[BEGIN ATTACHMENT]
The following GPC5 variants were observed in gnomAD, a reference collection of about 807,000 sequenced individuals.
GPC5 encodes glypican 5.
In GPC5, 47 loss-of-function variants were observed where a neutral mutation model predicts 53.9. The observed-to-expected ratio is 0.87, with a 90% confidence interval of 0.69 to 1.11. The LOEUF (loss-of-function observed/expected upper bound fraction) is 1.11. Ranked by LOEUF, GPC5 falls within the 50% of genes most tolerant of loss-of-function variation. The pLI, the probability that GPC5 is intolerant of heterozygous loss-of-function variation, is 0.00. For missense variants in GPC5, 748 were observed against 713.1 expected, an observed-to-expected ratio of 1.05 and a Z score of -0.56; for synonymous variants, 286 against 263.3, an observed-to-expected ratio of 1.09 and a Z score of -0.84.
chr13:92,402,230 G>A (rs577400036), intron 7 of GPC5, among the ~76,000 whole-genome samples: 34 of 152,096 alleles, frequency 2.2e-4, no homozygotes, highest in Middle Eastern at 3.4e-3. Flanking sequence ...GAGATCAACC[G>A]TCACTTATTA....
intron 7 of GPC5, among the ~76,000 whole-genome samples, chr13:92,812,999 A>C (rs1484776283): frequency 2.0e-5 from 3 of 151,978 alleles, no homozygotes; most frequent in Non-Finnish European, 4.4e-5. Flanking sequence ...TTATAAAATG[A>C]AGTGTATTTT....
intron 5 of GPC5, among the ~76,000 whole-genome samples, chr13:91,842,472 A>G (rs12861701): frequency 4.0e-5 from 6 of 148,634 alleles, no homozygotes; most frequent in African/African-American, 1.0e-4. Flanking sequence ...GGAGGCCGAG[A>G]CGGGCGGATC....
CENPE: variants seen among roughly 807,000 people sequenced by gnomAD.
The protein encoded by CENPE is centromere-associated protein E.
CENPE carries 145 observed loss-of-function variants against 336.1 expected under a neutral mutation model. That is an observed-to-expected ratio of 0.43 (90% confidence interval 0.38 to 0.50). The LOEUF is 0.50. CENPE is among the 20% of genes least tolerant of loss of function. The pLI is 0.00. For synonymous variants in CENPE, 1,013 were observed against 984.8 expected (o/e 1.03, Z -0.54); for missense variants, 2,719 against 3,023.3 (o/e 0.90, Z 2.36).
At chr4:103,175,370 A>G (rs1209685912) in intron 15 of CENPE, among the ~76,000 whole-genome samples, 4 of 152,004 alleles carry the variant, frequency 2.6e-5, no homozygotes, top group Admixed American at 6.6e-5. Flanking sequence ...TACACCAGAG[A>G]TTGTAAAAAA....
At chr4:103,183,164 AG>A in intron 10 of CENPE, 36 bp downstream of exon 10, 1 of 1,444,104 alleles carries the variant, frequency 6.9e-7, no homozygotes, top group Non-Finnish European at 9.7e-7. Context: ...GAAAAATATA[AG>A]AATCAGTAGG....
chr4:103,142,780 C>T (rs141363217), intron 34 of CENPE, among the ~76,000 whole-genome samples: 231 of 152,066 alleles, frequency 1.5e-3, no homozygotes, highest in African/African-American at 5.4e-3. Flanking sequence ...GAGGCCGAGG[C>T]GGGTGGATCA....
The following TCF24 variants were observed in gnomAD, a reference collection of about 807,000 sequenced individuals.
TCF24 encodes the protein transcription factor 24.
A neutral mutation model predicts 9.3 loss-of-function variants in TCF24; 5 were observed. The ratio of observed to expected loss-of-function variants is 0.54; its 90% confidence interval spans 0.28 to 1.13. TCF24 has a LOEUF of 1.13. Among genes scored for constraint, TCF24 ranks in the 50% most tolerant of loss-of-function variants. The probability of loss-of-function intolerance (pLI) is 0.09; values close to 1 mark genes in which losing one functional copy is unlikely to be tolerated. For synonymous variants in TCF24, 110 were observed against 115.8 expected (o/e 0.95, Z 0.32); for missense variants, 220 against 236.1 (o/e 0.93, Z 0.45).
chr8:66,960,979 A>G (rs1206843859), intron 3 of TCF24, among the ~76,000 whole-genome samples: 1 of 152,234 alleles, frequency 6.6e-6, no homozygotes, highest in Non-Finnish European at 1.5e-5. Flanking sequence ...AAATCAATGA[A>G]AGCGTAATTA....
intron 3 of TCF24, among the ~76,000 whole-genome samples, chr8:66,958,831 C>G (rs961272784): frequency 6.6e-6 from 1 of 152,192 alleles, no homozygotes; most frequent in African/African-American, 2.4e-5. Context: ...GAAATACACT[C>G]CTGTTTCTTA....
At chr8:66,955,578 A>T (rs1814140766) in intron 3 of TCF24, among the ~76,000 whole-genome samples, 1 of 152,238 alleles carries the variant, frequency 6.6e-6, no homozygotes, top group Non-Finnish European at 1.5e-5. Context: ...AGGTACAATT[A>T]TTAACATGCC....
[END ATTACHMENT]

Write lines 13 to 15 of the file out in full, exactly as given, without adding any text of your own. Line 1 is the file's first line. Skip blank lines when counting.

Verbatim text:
The following TCF24 variants were observed in gnomAD, a reference collection of about 807,000 sequenced individuals.
TCF24 encodes the protein transcription factor 24.
A neutral mutation model predicts 9.3 loss-of-function variants in TCF24; 5 were observed. The ratio of observed to expected loss-of-function variants is 0.54; its 90% confidence interval spans 0.28 to 1.13. TCF24 has a LOEUF of 1.13. Among genes scored for constraint, TCF24 ranks in the 50% most tolerant of loss-of-function variants. The probability of loss-of-function intolerance (pLI) is 0.09; values close to 1 mark genes in which losing one functional copy is unlikely to be tolerated. For synonymous variants in TCF24, 110 were observed against 115.8 expected (o/e 0.95, Z 0.32); for missense variants, 220 against 236.1 (o/e 0.93, Z 0.45).